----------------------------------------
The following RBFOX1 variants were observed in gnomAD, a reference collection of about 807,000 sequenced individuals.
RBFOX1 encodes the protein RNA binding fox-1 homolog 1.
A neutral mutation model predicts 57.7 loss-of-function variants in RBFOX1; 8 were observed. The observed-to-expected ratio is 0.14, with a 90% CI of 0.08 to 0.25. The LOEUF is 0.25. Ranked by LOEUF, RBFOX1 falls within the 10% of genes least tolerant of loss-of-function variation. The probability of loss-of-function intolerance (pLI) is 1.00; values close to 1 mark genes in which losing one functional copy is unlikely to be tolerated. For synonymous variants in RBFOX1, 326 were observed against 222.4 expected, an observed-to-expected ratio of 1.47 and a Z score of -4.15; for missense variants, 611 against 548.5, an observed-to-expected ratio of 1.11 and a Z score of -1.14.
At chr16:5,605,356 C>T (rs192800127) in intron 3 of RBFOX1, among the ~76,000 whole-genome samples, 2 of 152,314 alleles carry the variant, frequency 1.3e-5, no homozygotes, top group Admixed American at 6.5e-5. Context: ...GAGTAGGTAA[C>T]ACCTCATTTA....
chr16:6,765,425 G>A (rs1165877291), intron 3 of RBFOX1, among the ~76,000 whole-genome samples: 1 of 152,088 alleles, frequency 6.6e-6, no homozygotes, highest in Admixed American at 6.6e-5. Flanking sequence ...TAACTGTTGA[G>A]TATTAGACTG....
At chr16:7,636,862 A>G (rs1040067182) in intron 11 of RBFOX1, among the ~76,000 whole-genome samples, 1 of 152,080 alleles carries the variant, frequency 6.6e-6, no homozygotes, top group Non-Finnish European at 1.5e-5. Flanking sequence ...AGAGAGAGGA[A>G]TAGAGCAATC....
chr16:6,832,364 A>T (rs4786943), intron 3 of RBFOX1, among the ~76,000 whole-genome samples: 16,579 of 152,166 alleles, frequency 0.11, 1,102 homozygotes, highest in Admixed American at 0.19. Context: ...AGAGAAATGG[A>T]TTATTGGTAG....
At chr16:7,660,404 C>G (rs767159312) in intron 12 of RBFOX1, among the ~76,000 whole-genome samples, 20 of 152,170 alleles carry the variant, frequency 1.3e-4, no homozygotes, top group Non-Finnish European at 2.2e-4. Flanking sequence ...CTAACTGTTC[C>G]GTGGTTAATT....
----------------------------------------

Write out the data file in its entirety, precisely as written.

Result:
The following RBFOX1 variants were observed in gnomAD, a reference collection of about 807,000 sequenced individuals.
RBFOX1 encodes the protein RNA binding fox-1 homolog 1.
A neutral mutation model predicts 57.7 loss-of-function variants in RBFOX1; 8 were observed. The observed-to-expected ratio is 0.14, with a 90% CI of 0.08 to 0.25. The LOEUF is 0.25. Ranked by LOEUF, RBFOX1 falls within the 10% of genes least tolerant of loss-of-function variation. The probability of loss-of-function intolerance (pLI) is 1.00; values close to 1 mark genes in which losing one functional copy is unlikely to be tolerated. For synonymous variants in RBFOX1, 326 were observed against 222.4 expected, an observed-to-expected ratio of 1.47 and a Z score of -4.15; for missense variants, 611 against 548.5, an observed-to-expected ratio of 1.11 and a Z score of -1.14.
At chr16:5,605,356 C>T (rs192800127) in intron 3 of RBFOX1, among the ~76,000 whole-genome samples, 2 of 152,314 alleles carry the variant, frequency 1.3e-5, no homozygotes, top group Admixed American at 6.5e-5. Context: ...GAGTAGGTAA[C>T]ACCTCATTTA....
chr16:6,765,425 G>A (rs1165877291), intron 3 of RBFOX1, among the ~76,000 whole-genome samples: 1 of 152,088 alleles, frequency 6.6e-6, no homozygotes, highest in Admixed American at 6.6e-5. Flanking sequence ...TAACTGTTGA[G>A]TATTAGACTG....
At chr16:7,636,862 A>G (rs1040067182) in intron 11 of RBFOX1, among the ~76,000 whole-genome samples, 1 of 152,080 alleles carries the variant, frequency 6.6e-6, no homozygotes, top group Non-Finnish European at 1.5e-5. Flanking sequence ...AGAGAGAGGA[A>G]TAGAGCAATC....
chr16:6,832,364 A>T (rs4786943), intron 3 of RBFOX1, among the ~76,000 whole-genome samples: 16,579 of 152,166 alleles, frequency 0.11, 1,102 homozygotes, highest in Admixed American at 0.19. Context: ...AGAGAAATGG[A>T]TTATTGGTAG....
At chr16:7,660,404 C>G (rs767159312) in intron 12 of RBFOX1, among the ~76,000 whole-genome samples, 20 of 152,170 alleles carry the variant, frequency 1.3e-4, no homozygotes, top group Non-Finnish European at 2.2e-4. Flanking sequence ...CTAACTGTTC[C>G]GTGGTTAATT....